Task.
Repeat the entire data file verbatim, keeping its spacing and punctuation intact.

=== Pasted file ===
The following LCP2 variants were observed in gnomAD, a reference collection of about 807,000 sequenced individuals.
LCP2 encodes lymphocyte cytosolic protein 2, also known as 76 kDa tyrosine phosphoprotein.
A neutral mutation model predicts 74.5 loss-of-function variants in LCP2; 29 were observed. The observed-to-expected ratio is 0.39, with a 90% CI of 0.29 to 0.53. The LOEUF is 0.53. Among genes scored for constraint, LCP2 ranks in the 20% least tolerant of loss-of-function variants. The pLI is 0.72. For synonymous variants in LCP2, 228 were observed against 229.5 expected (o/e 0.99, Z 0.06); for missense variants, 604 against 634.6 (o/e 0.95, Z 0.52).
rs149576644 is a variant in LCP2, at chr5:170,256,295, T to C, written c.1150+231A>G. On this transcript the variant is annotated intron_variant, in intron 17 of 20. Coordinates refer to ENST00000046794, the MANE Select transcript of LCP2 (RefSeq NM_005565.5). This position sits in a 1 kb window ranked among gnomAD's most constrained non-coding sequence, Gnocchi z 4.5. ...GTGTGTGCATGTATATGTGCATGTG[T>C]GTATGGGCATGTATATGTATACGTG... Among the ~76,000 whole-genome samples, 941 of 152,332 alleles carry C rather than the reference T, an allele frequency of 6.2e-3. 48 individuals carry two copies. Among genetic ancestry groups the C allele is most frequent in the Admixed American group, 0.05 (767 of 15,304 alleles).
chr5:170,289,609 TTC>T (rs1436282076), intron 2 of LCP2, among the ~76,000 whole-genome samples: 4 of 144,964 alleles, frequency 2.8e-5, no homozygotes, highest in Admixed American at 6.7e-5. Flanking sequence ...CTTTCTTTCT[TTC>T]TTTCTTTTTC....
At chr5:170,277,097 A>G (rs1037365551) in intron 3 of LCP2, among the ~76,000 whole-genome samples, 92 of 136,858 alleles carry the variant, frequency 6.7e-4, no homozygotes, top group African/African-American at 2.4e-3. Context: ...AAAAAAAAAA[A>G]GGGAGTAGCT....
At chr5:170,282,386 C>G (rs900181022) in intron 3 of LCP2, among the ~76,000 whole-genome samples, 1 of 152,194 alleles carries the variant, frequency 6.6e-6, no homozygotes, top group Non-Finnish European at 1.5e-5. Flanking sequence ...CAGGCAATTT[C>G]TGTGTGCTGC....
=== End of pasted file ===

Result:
The following LCP2 variants were observed in gnomAD, a reference collection of about 807,000 sequenced individuals.
LCP2 encodes lymphocyte cytosolic protein 2, also known as 76 kDa tyrosine phosphoprotein.
A neutral mutation model predicts 74.5 loss-of-function variants in LCP2; 29 were observed. The observed-to-expected ratio is 0.39, with a 90% CI of 0.29 to 0.53. The LOEUF is 0.53. Among genes scored for constraint, LCP2 ranks in the 20% least tolerant of loss-of-function variants. The pLI is 0.72. For synonymous variants in LCP2, 228 were observed against 229.5 expected (o/e 0.99, Z 0.06); for missense variants, 604 against 634.6 (o/e 0.95, Z 0.52).
rs149576644 is a variant in LCP2, at chr5:170,256,295, T to C, written c.1150+231A>G. On this transcript the variant is annotated intron_variant, in intron 17 of 20. Coordinates refer to ENST00000046794, the MANE Select transcript of LCP2 (RefSeq NM_005565.5). This position sits in a 1 kb window ranked among gnomAD's most constrained non-coding sequence, Gnocchi z 4.5. ...GTGTGTGCATGTATATGTGCATGTG[T>C]GTATGGGCATGTATATGTATACGTG... Among the ~76,000 whole-genome samples, 941 of 152,332 alleles carry C rather than the reference T, an allele frequency of 6.2e-3. 48 individuals carry two copies. Among genetic ancestry groups the C allele is most frequent in the Admixed American group, 0.05 (767 of 15,304 alleles).
chr5:170,289,609 TTC>T (rs1436282076), intron 2 of LCP2, among the ~76,000 whole-genome samples: 4 of 144,964 alleles, frequency 2.8e-5, no homozygotes, highest in Admixed American at 6.7e-5. Flanking sequence ...CTTTCTTTCT[TTC>T]TTTCTTTTTC....
At chr5:170,277,097 A>G (rs1037365551) in intron 3 of LCP2, among the ~76,000 whole-genome samples, 92 of 136,858 alleles carry the variant, frequency 6.7e-4, no homozygotes, top group African/African-American at 2.4e-3. Context: ...AAAAAAAAAA[A>G]GGGAGTAGCT....
At chr5:170,282,386 C>G (rs900181022) in intron 3 of LCP2, among the ~76,000 whole-genome samples, 1 of 152,194 alleles carries the variant, frequency 6.6e-6, no homozygotes, top group Non-Finnish European at 1.5e-5. Flanking sequence ...CAGGCAATTT[C>G]TGTGTGCTGC....